Dr. Lorece Edwards

Title: 
Professor
Office Location: 
Portage 211
Phone: 
443-885-3566
Email: 
lorece.edwards@morgan.edu
Education:

DrPH, Public Health (Health Promotion/Disease Prevention), May 2004
Morgan State University School of Public Health and Policy

Dissertation: Women and HIV: Exploring the Relationship between HIV
Medication Adherence and Social Support among African American
Women (Co - Principal Investigator, Jean R. Anderson, M.D. Johns
Hopkins Medical Institutions)

M.H.S., Master of Human Services, May 1999
Lincoln University

Thesis: Teaching as Treatment: Interpersonal Skills for Spousal Abusers

B.A., Human and Social Resources, July 1990
Sojourner-Douglass College

Education:

DrPH, Public Health (Health Promotion/Disease Prevention), May 2004
Morgan State University School of Public Health and Policy

Dissertation: Women and HIV: Exploring the Relationship between HIV
Medication Adherence and Social Support among African American
Women (Co - Principal Investigator, Jean R. Anderson, M.D. Johns
Hopkins Medical Institutions)

M.H.S., Master of Human Services, May 1999
Lincoln University

Thesis: Teaching as Treatment: Interpersonal Skills for Spousal Abusers

B.A., Human and Social Resources, July 1990
Sojourner-Douglass College

Lorece V. Edwards, DrPH, MHS is the Director of the Center for Sexual Health Advancement and Prevention Education (SHAPE) and Professor of Public Health at Morgan State University’s School of Community Health and Policy. Dr. Edwards is known as an authentic public health champion. As a scholar-activist, she has published several peer-reviewed articles. Her research has been presented at international, national, and local conferences and workshops. According to the Journal of Health Care for the Poor and Underserved, Dr. Edwards’ article titled None of Us Will Get Out of Here Alive: The Intersection of Perceived Risk for HIV, Risk Behaviors, and Survival Expectations among African American Emerging Adults has been identified as a seminal scientific manuscript that will allow public health, medical, and education professionals deep insights into the views of one population at severe risk of morbidity and mortality from HIV/AIDS – young African American men. Recently, Dr. Edwards introduced a new theory the was developed from her research and validated by the Center for Predictive Analytics – The Perceived Risk Hierarchy Theory. TM This theory will be included in her first book that will be published by Johns Hopkins Press – SURVIVORNOMICS: TM How Can Youth Survive When They are Constantly Being Demonized. Dr. Edward's research interest/passion includes HIV intervention studies, HIV primary prevention, the role of historical trauma and health outcomes, community trauma and violence, alcohol/substance use, structural and social determinants of health, equity, and social justice.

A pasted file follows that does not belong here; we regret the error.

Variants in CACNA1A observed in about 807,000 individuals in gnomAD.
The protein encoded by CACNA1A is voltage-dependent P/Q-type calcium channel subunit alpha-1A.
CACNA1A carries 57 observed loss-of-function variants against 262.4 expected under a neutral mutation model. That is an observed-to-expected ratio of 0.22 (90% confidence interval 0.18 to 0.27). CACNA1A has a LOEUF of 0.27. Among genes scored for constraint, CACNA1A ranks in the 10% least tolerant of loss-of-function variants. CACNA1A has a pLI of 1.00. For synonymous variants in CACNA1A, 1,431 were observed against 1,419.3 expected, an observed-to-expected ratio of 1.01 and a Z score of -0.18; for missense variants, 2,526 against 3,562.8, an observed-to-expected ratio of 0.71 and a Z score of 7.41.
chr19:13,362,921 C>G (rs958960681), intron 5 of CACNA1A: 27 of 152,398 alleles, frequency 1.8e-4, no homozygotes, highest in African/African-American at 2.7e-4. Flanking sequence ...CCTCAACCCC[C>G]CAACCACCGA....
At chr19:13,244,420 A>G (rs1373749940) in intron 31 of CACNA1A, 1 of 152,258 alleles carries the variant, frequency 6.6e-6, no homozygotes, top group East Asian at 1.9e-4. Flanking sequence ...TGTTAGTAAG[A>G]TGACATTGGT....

Edwards, L., Rowel, R., Lindong, I., and Hayman, L. (2020). The National Treasure, A Global Pandemic, and Resilience in Motion. International Journal of Ethnic College Health, (in press).

Edwards, L., Hayman, L., and Rowel, R. The New U.S.A.: The United States Anxiety. The Baltimore Times, June 5, 2020.

Edwards, L. Morgan State University’s Professor Talks about Inner City Youth and Survivornomics.(TM) The Baltimore Times, April 5, 2019.

Edwards, L., Lindong, I, Brown, L. et al,. (2018). The Perceived Risk Hierarchy Theory: TM A New Framework for Understanding Health Risk and Reality Among African American Emerging Adults, The International Journal of Ethnic College Health, (4), 30.